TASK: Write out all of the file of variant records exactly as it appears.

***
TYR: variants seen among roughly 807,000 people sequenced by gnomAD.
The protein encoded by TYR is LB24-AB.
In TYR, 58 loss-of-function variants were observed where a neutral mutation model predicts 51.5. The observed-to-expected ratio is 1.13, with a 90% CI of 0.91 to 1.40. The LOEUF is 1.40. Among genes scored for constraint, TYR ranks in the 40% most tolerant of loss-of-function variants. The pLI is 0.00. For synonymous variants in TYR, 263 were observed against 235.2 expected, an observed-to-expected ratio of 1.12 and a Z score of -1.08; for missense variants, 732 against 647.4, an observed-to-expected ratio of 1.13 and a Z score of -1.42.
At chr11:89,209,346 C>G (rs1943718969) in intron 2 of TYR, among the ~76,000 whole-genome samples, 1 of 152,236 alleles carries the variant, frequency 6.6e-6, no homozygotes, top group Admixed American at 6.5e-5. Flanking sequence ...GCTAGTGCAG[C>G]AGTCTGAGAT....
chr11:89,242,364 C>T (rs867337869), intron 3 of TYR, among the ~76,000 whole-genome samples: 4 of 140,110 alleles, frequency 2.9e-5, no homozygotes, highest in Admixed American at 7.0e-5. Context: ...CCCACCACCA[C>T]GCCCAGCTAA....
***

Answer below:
TYR: variants seen among roughly 807,000 people sequenced by gnomAD.
The protein encoded by TYR is LB24-AB.
In TYR, 58 loss-of-function variants were observed where a neutral mutation model predicts 51.5. The observed-to-expected ratio is 1.13, with a 90% CI of 0.91 to 1.40. The LOEUF is 1.40. Among genes scored for constraint, TYR ranks in the 40% most tolerant of loss-of-function variants. The pLI is 0.00. For synonymous variants in TYR, 263 were observed against 235.2 expected, an observed-to-expected ratio of 1.12 and a Z score of -1.08; for missense variants, 732 against 647.4, an observed-to-expected ratio of 1.13 and a Z score of -1.42.
At chr11:89,209,346 C>G (rs1943718969) in intron 2 of TYR, among the ~76,000 whole-genome samples, 1 of 152,236 alleles carries the variant, frequency 6.6e-6, no homozygotes, top group Admixed American at 6.5e-5. Flanking sequence ...GCTAGTGCAG[C>G]AGTCTGAGAT....
chr11:89,242,364 C>T (rs867337869), intron 3 of TYR, among the ~76,000 whole-genome samples: 4 of 140,110 alleles, frequency 2.9e-5, no homozygotes, highest in Admixed American at 7.0e-5. Context: ...CCCACCACCA[C>T]GCCCAGCTAA....